RM: James Earl Jones has one of the most incredible voices in the history of film. Perhaps Orson Welles is his only real rival in that regard. Getting to work with him, especially being such a big fan of Star Wars, was an amazing experience. Watching him warming up his voice before a session was remarkable. He would run through a bunch of vocal exercises and sometimes sounded like a real lion with a rumbling growl.
RI: And what about Jeremy Irons?
RA: Jeremy is a gentleman and a brilliant actor. He always gave us extra interpretations of lines which were fantastic.
RI: Can you please talk about the contributions of Elton John, Tim Rice, and Hans Zimmer?
RM: It was Tim who suggested Elton for the job. Me, Don and Roger wanted Hans based on his work in The Power of One whose score also featured Lebo M. Their collaboration on the score and musical elements really brought the story to life and gave it its enduring power.
RA: Elton and Tim’s songs help tell the story with humor and heart while Hans’ brilliant score and arrangements (along with Lebo M’s choral work) gave it its scale, drama, and placed it in Africa. Mark Mancina’s arrangements of I Just Can’t Wait to Be King and Hakuna Matata gave the film its moments of playfulness.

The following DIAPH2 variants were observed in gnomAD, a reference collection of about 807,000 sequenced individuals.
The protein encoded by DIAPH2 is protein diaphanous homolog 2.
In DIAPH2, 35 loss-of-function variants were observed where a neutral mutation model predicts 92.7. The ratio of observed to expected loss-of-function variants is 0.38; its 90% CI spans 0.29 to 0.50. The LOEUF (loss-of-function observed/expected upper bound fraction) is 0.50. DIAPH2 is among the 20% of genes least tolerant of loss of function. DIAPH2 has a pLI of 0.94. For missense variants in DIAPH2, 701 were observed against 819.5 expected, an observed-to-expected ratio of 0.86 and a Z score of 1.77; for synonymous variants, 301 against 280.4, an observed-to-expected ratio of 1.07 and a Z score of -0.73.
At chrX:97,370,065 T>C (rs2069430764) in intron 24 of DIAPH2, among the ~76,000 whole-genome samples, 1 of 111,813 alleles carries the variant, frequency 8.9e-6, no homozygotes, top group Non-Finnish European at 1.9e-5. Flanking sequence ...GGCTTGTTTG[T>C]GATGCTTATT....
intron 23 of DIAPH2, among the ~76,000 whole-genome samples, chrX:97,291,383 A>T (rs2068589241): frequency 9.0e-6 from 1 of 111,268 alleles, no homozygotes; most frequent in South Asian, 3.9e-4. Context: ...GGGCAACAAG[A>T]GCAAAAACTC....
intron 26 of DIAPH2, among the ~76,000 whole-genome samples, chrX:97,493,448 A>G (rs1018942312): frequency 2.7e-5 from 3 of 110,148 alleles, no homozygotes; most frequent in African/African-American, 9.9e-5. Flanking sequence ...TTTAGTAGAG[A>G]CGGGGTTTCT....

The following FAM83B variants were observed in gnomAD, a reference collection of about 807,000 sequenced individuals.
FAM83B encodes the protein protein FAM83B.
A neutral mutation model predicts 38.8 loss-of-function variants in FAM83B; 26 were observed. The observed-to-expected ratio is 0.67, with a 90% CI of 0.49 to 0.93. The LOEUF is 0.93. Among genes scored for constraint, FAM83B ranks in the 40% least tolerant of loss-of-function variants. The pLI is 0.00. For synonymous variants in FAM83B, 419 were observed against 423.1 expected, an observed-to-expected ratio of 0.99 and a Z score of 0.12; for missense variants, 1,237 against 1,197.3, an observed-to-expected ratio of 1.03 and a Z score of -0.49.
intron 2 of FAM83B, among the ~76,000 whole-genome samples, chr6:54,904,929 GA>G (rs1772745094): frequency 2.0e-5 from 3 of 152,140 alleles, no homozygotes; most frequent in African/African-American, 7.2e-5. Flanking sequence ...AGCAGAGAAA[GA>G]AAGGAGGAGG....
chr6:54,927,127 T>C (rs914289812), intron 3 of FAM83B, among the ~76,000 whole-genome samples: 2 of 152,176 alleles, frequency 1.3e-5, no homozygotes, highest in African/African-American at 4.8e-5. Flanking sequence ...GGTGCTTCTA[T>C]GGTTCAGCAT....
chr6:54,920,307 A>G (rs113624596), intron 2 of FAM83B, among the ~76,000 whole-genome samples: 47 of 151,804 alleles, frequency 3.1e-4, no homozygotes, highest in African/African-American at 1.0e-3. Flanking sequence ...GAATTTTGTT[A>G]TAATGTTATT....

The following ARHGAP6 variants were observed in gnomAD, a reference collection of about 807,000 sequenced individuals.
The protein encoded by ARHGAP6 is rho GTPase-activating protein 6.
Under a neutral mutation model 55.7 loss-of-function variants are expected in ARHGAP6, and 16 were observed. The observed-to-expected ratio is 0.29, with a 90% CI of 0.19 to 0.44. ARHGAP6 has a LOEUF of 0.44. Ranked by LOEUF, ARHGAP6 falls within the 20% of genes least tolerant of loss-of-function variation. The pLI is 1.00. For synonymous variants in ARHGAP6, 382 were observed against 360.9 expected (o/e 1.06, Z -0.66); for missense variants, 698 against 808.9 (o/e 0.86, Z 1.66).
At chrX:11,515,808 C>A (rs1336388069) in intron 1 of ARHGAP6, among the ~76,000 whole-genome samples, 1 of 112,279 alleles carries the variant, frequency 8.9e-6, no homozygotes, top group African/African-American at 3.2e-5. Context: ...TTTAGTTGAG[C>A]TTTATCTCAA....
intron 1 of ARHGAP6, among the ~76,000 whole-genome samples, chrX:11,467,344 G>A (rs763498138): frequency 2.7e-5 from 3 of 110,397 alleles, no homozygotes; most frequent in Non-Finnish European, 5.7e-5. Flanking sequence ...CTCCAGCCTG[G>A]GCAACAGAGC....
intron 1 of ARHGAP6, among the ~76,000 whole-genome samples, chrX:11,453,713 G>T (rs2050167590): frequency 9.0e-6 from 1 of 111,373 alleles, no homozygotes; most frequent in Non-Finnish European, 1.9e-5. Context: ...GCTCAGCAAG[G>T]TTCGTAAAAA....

RI: Hans Zimmer was more used to scoring live action movies. How did you get along with him in that regard?
RM: Hans really brought the movie to life via the music. It was his ability to combine authentic African flavor that really made the film come to life musically. Mark Mancina was working for Hans at the time and also contributed greatly to the feeling of the movie. He also was musical director and composer for the stage production. As for his experience as a live-action composer, I think there is very little difference in how a composer works on animation and live-action. Although typically an animated score is more closely married to the images. It was a terrific collaboration.
RI: How involved were you in the actual 3D transfer of The Lion King?
RM: Don Hahn, Roger and I came in to meet with Robert Neuman and his team to launch them on the conversion. We watched the picture in 2D and conveyed our thoughts on things we’d like to see (and not see) in our 3D version. And then we met regularly to check the work in progress.